This week (1/27/19) Pastor Raphael’s message  “The Reading of the Bible,” based on Joshua 1:1-9,  emphasized the blessing of the Word of God which comes from having the proper perspective in reading it. The purpose of reading in a biblical sense involves more than just mental comprehension of the content, it also outlines a path of life.  Joshua 1: 7 offers a key element to our reading of the bible, “Only be strong and very courageous, being careful TO DO according to all the law that Moses my servant commanded you. Do not turn from it to the right hand or to the left, that you may have good success wherever you go .”  In short, believing means action.

When we think of “strength” and “courage,” it conveys the idea of some internal fortitude.  But in the Hebrew language, there were no such things as abstract concepts.  The strength and courage commanded in Joshua 1:7 must take place in tangible form.  This is why God adds the words, “to do,” which in the Hebrew literally means, “to make.”  We ‘make’ what we believe a reality by our doing what it says. 

This is emphasized in the second chapter of the book of James.  “What good is it, my brothers, if someone says he has faith but does not have works? Can that faith save him?” (v.14).  “So also faith by itself, if it does not have works, is dead.”  (v.17). “But someone will say, ‘You have faith and I have works.’ Show me your faith apart from your works, and I will show you my faith by my works.” (v.18).  “Do you want to be shown, you foolish person, that faith apart from works is useless?” (v.20). “You see that faith was active along with his works, and faith was completed by his works.” (v.22).  “You see that a person is justified by works and not by faith alone.” (v.24). “For as the body apart from the spirit is dead, so also faith apart from works is dead.” (v.26).  

Jesus’ ministry continually reinforced this truth.  In Luke 5, there is a story involving his first disciples, and he used one of their boats to speak to the crowds.  Verse 4 tells what happens next, “And when he had finished speaking, he said to Simon, “Put out into the deep and let down your nets for a catch.” And Simon answered, “Master, we toiled all night and took nothing! But at your word I will let down the nets.” And when they had done this, they enclosed a large number of fish.”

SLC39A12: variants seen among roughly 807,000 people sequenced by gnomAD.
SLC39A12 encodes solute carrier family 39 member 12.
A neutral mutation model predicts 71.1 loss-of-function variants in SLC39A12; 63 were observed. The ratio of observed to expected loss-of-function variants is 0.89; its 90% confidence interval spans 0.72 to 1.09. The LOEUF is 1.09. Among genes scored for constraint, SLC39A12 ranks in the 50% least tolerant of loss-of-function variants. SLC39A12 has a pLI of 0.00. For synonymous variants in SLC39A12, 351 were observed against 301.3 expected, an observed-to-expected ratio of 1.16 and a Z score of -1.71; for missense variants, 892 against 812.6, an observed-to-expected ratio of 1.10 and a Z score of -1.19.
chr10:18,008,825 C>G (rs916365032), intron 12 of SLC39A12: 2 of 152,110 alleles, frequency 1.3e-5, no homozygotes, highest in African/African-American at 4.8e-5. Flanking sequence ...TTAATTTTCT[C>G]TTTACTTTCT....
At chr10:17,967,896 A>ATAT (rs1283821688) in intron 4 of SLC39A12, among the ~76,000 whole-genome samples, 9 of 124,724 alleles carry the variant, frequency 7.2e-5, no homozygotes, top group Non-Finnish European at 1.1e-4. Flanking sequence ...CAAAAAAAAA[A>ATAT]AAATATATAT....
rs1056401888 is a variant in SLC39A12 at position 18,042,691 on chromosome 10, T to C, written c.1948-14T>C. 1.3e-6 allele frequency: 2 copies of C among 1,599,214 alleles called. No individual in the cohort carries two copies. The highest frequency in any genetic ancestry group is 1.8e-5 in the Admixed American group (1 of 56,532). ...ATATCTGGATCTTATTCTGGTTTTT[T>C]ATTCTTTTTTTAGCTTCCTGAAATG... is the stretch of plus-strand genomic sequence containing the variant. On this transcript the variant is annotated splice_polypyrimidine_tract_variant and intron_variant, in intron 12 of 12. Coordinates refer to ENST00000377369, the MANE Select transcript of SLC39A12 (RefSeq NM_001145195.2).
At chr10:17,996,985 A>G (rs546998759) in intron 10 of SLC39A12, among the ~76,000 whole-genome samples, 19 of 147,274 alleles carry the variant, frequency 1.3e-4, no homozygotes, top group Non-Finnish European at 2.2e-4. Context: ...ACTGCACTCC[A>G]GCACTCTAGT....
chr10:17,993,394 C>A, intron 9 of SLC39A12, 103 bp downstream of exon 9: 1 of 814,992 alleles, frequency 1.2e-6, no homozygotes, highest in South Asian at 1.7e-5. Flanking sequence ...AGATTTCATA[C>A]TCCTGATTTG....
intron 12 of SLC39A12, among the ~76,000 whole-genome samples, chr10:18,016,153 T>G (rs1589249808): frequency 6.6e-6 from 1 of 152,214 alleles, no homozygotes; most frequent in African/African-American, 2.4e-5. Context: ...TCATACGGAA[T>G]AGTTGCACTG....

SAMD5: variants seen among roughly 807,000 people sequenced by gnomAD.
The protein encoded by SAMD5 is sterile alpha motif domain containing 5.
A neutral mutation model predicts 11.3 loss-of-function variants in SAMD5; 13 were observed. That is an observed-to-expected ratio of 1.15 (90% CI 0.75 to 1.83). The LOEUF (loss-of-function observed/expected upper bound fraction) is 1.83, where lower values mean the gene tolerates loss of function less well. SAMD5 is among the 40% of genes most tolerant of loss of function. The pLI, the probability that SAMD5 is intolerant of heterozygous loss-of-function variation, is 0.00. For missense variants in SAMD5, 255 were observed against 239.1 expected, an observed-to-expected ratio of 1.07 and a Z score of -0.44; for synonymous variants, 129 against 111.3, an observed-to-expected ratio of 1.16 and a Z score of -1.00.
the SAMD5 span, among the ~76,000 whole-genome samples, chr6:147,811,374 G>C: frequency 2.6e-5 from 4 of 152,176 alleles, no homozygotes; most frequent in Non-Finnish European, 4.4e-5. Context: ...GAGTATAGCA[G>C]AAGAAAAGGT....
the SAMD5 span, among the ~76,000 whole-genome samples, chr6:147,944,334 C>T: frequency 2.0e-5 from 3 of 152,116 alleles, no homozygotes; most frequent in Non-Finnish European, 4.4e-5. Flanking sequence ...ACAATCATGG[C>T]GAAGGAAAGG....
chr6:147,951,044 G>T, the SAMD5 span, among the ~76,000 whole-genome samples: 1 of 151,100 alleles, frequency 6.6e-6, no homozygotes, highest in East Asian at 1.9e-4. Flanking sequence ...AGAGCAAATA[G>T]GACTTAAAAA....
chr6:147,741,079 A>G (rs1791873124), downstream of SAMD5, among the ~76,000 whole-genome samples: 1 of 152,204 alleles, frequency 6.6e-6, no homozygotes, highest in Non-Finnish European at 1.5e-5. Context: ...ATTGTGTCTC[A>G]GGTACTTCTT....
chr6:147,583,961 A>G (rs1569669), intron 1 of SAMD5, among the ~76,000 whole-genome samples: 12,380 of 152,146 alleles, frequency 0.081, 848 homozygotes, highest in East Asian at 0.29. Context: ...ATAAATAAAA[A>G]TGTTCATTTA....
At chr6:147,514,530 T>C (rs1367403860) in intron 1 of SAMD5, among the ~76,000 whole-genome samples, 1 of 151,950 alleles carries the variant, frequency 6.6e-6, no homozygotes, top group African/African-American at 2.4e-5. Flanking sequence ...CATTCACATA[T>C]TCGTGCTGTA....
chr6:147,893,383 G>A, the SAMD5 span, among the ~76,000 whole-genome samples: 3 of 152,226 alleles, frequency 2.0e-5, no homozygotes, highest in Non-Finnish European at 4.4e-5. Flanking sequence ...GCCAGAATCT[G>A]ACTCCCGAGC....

Peter had experience on his side — an entire night of fishing that resulted in no fish!  All of us know what Peter is talking about.  We have had fears, disappointments, troubles, both night and day.  We want and need help, and Jesus offers it.  He tells us to believe His Word and act upon it.  Peter’s testimony resembles our state as well.  We know our situation all too well.  We hear Jesus’ answer — and now we have a choice.  Only ACTING in faith on what Jesus’ has said is true faith.  

All of this is key to understanding the promise to Joshua that he will have success and be prosperous (Joshua 1:7-9).  The success with prosperity in “going” (acting in faith) that was promised to Joshua was not a prosperity in the American sense of the word, but signifying that the final destination will be successfully reached.  And indeed, God did keep His word to Joshua, which is seen in the end of the book, “Thus the Lord gave to Israel all the land that he swore to give to their fathers. And they took possession of it, and they settled there. And the Lord gave them rest on every side just as he had sworn to their fathers. Not one of all their enemies had withstood them, for the Lord had given all their enemies into their hands. Not one word of all the good promises that the Lord had made to the house of Israel had failed; all came to pass.” (Joshua 22:43-45).  

This is our promise as well.  Our “partnership in the gospel,” an action faith or walk by faith as it is generally called, has a wonderful destination, “because of your partnership in the gospel from the first day until now….I am sure of this, that he who began a good work in you will bring it to completion at the day of Jesus Christ.”  (Philippians 1:5-6).